Advising guides offer a checklist for class completion requirements. If you have any questions, please contact Program Coordinator Stacey Horn at sshorn@uic.edu or Mike Herkes at mherkes@uic.edu in the Office of Student Services.

Current materials

Archived materials

Handbook

Options and Outcomes

Students who graduate from this program will go on to successful careers working with youth in a variety of positions, including:

  • Community organizers
  • After-school coordinators
  • College bridge program coordinators
  • Public health professionals
  • Community-based organization program directors

Application Process

Application Deadlines

Fall Deadline: March 15

  1. Complete the UIC Graduate School application. (International applicants should use this application). Submit your application fee when completing the application.
  2. Complete the online College of Education application.
  3. The following documents should be uploaded online upon receiving email instructions after completing the UIC Graduate School application. View the Document Upload Guide for more information.
    • Upload undergraduate transcripts for your last 60 hours of the undergraduate degree and all graduate transcripts.
    • TOEFL or IELTS test scores for international applicants only
    • Three letters of recommendation.  These letters should address the applicant's academic qualifications, research ability/experience and ability to carry on advanced degree studies. Letters may be from current or former professors or supervisors. At least one letter should be from someone who can address your experience working with children.
    • Personal statement.  This statement should discuss your professional goals and overall goals for the program.  Some things to consider mentioning when writing your statement are your reasons for applying, experiences that sparked your interest, goals for the program and experiences you hope to take away from the program, how your program will relate to your career goals and whar are your experiences with, and beliefs about working with children/youth in urban environments.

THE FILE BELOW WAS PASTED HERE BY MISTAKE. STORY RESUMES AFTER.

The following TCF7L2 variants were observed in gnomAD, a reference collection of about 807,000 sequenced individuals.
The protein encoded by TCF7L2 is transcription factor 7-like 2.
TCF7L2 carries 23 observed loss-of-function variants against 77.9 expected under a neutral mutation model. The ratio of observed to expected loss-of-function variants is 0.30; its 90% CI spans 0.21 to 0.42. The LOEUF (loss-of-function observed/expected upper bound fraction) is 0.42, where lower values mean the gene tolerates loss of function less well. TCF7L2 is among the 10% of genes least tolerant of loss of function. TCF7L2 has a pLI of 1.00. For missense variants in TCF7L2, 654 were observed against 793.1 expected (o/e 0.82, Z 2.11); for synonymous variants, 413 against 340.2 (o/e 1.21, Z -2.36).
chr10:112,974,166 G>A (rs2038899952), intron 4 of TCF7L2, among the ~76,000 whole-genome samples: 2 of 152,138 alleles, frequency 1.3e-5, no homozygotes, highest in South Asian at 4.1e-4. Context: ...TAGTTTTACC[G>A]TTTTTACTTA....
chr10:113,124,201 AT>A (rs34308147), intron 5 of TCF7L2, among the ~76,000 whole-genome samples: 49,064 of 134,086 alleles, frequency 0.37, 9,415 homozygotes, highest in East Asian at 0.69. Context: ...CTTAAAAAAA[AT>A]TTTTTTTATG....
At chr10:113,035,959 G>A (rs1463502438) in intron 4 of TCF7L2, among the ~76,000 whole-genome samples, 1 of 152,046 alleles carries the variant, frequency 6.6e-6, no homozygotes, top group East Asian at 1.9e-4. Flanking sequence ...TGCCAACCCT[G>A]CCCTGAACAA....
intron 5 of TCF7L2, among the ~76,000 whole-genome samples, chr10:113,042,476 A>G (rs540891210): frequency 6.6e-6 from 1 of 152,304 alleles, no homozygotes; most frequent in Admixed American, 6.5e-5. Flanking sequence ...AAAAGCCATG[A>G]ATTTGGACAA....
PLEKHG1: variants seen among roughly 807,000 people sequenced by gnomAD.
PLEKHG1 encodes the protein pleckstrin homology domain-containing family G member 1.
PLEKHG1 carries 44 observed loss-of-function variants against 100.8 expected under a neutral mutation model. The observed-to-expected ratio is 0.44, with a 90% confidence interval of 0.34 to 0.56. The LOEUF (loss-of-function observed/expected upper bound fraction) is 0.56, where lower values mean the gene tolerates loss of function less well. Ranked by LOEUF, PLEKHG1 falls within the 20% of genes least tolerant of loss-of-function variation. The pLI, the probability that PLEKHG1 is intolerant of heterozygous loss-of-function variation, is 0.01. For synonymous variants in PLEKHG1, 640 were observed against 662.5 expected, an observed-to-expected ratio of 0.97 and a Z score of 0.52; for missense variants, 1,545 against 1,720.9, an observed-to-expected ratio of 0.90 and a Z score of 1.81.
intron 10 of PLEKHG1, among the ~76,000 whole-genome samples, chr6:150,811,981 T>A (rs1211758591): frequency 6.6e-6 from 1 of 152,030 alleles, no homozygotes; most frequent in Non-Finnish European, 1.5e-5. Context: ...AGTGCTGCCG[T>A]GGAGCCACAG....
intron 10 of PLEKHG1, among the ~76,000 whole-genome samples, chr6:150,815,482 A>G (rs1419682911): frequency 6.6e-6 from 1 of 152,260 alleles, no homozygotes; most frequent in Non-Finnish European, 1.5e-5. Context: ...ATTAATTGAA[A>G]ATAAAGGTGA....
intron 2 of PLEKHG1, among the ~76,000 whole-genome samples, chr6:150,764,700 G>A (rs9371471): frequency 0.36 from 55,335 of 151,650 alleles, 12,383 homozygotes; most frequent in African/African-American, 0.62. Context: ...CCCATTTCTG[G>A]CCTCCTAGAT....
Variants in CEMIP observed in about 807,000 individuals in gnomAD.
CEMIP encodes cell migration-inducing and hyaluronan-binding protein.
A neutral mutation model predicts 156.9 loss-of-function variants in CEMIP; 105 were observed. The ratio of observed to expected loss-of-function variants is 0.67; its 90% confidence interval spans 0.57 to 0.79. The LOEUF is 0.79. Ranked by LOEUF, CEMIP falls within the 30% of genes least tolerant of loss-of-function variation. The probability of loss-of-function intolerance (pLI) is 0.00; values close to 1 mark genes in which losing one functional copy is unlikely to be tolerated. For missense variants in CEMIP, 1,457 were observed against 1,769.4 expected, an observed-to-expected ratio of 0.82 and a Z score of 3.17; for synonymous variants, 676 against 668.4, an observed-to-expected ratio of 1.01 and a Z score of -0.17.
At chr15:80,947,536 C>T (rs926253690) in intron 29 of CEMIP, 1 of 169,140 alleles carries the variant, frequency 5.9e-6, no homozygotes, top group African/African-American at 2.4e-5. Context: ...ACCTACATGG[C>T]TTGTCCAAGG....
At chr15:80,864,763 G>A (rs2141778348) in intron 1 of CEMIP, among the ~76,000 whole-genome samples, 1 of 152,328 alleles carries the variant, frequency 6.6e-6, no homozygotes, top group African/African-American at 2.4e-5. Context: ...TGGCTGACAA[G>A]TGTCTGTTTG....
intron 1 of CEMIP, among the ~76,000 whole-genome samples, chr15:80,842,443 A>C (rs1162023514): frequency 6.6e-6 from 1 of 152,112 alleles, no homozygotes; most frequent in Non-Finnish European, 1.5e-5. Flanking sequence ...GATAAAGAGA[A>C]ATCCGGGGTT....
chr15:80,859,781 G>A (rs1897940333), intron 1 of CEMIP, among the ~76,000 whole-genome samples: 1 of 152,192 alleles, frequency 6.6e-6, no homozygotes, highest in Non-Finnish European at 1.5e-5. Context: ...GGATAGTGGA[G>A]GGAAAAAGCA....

Documents & Forms

Program FAQs

How long will it take me?

2 to 3 years depending on whether you go full time or part time.

Can I attend part-time?

Yes! Students can take as few as one course a semester.

When do the courses meet?

Most graduate classes in the College of Education meet in the evenings from 5 p.m. to 8 p.m., one day a week.

Can I be employed full-time while working on my degree?

Yes, since many classes meet in the evenings, it is possible. If you are working full-time while enrolled in the program, we would recommend going part-time (1to 2 classes per semester), which many of our current students do.

Does the program admit for Spring semester?

No, the program only admits in the Fall semester.

Is the GRE required to apply?

No tests are required.

I am interested in earning a PhD in the future. Is this program a good fit for me?

Students have the option of choosing the Applied or the Thesis strand of the degree. The Thesis strand is designed for students expecting to pursue a doctoral degree in Educational Psychology or a related field in the future. Their culminating experience involves researching, writing, and defending their master's thesis.

Is financial aid available?

All financial aid programs available to students at UIC are available for this program. Any questions about financial aid can be directed to the Office of Student Financial Aid at money@uic.edu.

What will I be able to do with my degree when I'm done?

Make a difference! Some sample professions include:

  • Community organizers who work with young people to use their skills and resources to advocate for change in their schools, communities, states -- and nationally.
  • Classroom teachers who want to enhance students' abilities to engage in personal and social transformation.
  • After-school coordinators who work with youth to enhance their physical, social and emotional well-being.
  • Public health professionals who work with youth to enhance community based health programs.
  • Juvenile justice advocates who work to create criminal, social and family systems that support young people and provide them with positive developmental opportunities that allow them to flourish.